2012 PEN/Diamonstein-Spielvogel Award
Christopher Hitchens, Arguably (Twelve)
The PEN/Diamonstein-Spielvogel Award for Art of the Essay aims to preserve the dignity and esteem that the essay form imparts to literature. The winner receives a cash award of $5,000 and will be honored at the PEN Literary Awards.
There are no restrictions on the subject matter of the essays; books are judged solely on the basis of literary character and distinction of writing, and equal consideration is given to the work of both renowned essayists and more recently established writers. Essays may deal either with a range of subjects or may explore one specific theme, but the book, taken as a whole, should be a series of individual essays, not conceived as a single booklength work of nonfiction. Individual essays included in books may have been previously published in magazines, journals, or anthologies.
In 1991 PEN Member and author Barbaralee Diamonstein and Carl Spielvogel, former New York Times columnist, founded the PEN/Spielvogel-Diamonstein Award for the Art of the Essay to preserve the dignity and esteem that the essay form imparts to literature. The award took a hiatus from 2005-2010. Recent recipients of the award are David Bromwich’s Skeptical Music, David Quammen’s The Boilerplate Rhino, Annie Dillard’s For the Time Being, Marilynne Robinson’s The Death of Adam, Adam Hochschild’s Finding the Trapdoor, Cynthia Ozick’s Fame and Folly, Thomas Nagel’s Other Voices: Critical Essays 1969-1994, and Frederick Crews’s The Critics Bear It Away: American Fiction and the Academy.
Robert Boyers, Janet Malcolm, and Ruth Reichl
From the Judges’ Citation
“Arguably is a book of essays astonishingly wide-ranging and provocative, taking on everything from Middle Eastern politics to Thomas Jefferson and Prince Charles, from Lolita and Ezra Pound to Hitler, Saul Bellow and Hugo Boss. Though it is no secret that Christopher Hitchens was a polymathic polemicist, this volume demonstrates—not for the first time—that he could write with fervor about the books and writers he loved and with unbridled venom about ideas and political figures he loathed. Erudite, sometimes playful, often in dead earnest, Hitchens is clearly in love with the tools of his trade, writing with undisguised brio, mining the resources of the language as if alert to every possibility of color and inflection. Richly allusive, bristling and often implacable, Hitchens’ voice is distinctive, especially in his longer essays, which are not merely informed but informative and beautifully considered. Hitchens wrote in his memoir, Hitch 22, that he always wanted to contain multitudes, and the essays collected in Arguably demonstrate that he did. To read Hitchens’ massive volume is to feel that the essay is alive and well and that the best essays are expressions not merely of conviction but of temperament. Non serviam was Hitchens’ motto, but he was also a writer for whom the instinct to praise and admire was ever an aspect of the available writerly equipment.”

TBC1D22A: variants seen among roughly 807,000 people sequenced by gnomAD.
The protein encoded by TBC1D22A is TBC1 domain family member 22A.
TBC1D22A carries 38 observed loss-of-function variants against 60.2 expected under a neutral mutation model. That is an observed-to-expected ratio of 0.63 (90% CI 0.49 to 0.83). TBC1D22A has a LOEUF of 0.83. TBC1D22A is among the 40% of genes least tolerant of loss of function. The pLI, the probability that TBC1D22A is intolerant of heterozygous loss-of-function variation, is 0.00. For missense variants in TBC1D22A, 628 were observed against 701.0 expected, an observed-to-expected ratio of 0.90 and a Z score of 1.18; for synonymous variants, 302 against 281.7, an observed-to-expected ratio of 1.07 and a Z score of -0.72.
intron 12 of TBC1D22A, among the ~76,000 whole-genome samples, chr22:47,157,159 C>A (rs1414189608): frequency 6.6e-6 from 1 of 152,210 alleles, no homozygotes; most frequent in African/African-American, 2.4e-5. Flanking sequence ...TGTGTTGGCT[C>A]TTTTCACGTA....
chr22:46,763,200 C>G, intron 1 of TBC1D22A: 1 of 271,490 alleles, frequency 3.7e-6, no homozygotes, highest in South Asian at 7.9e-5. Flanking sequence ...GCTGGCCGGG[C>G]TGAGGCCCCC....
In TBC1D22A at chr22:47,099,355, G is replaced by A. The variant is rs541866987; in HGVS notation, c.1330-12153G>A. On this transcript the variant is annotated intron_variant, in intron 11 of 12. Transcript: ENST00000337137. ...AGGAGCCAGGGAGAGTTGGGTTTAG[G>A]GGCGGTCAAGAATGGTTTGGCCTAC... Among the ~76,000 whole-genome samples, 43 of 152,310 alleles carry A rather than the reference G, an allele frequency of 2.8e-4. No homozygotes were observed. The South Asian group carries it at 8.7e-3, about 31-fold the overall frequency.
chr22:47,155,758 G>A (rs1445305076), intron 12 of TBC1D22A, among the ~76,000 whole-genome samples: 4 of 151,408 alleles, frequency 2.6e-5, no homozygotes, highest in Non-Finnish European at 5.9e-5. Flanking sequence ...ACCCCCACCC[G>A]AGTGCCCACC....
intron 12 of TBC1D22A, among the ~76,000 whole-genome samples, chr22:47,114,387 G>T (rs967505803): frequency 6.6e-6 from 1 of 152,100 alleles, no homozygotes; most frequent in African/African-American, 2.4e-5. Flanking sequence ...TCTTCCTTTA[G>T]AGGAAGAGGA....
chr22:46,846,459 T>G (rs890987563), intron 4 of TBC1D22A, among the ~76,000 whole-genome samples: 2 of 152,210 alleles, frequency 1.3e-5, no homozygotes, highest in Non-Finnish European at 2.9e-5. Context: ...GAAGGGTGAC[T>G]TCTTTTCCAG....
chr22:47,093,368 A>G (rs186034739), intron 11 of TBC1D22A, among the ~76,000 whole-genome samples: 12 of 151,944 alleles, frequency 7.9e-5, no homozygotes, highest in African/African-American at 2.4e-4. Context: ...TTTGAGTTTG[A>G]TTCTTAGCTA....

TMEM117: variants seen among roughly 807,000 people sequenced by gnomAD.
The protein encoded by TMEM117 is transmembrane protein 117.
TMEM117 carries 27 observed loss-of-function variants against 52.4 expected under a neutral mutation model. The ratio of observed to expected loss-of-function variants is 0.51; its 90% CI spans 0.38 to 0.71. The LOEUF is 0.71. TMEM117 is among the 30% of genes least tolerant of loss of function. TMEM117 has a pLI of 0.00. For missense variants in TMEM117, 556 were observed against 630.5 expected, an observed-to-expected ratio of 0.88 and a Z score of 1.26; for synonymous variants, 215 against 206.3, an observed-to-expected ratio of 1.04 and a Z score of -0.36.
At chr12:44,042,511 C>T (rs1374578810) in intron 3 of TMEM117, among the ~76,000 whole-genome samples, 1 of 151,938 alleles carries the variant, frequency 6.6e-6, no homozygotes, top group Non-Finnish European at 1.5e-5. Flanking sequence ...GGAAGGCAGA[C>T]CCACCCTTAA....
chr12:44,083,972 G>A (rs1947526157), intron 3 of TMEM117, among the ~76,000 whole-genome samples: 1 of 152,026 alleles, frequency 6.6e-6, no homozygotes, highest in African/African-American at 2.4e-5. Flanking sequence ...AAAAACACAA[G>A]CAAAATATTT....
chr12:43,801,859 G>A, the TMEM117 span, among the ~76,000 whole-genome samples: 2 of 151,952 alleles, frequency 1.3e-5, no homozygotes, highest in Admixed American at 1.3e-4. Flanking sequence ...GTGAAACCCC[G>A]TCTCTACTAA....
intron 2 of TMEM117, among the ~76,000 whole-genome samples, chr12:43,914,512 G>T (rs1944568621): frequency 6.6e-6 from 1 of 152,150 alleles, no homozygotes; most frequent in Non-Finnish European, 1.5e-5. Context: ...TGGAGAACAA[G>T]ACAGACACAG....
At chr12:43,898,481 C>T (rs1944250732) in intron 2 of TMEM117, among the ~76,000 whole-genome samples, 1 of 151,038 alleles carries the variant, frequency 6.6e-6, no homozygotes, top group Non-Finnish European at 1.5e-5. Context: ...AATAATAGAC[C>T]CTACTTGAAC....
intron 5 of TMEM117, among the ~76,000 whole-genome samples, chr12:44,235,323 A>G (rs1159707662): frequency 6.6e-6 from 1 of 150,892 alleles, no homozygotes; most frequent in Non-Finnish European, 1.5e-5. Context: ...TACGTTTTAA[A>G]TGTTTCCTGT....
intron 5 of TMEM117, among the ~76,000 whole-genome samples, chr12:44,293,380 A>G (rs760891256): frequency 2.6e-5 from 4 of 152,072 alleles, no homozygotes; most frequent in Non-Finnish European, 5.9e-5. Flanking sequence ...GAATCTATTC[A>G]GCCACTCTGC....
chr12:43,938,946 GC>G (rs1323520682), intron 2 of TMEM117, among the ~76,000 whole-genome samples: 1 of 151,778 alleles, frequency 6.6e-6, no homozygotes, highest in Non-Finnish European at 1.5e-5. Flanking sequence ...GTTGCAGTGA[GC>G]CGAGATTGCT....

André Aciman, Alibis: Essays on Elsewhere
“The essays of Andre Aciman collected in the volume Alibis explore a wide range of memories and sensations, places and stories, evoking sights and textures and incidents and confusions with an elegance and color rare in contemporary English-language non-fiction. Ranging from Rome and Venice to New York, Barcelona, and Provence, Aciman’s essays are often saturated with sharp stabs of feeling. Often the writer longs for sensations recalled from childhood or other early stages in his own development: longs for longing, for shame, for sensuous or disturbing dreams. For all the poignant wanderlust they express, the essays are at bottom deeply introspective works, excursions in sometimes lacerating self-interrogation. At their best, Aciman’s essays move uneasily between infatuation and irony, wonder and sophistication, evoking memory as a transaction with the past “rewritten,” as Mark Doty once wrote, “in the direction of feeling.”
Robert Gottlieb, Lives and Letters
“In Lives and Letters, Robert Gottleib romps through the end of the twentieth century, chronicling some of its most fascinating citizens. What makes this book important, however, is not his fine ear, keen eye, or endless curiosity: it is that he teaches us the true meaning of appreciation. Woven through each beautifully written essay is the author’s unalloyed pleasure in the writers, dancers, artists, and performers that are the subjects of his book. Gottleib’s great talent is to make the most commonplace subject fascinating while bringing the most celebrated among them crashing down to earth. Erudite, measured, and wry, Lives and Letters shows us that the subject is unimportant: in the hands of a gifted writer, everyone is interesting.”
Mark Slouka, Stewart Justman, William H. Gass, David Bromwich, David Quamman, Annie Dillard, Marilynne Robinson, Adam Hochschild, Cynthia Ozick, Thomas Nagel, John Brinckerhoff Jackson, Stanely Fish, Frederick Crews, David B. Morris, Martha Nussbaum, and Bernard Knox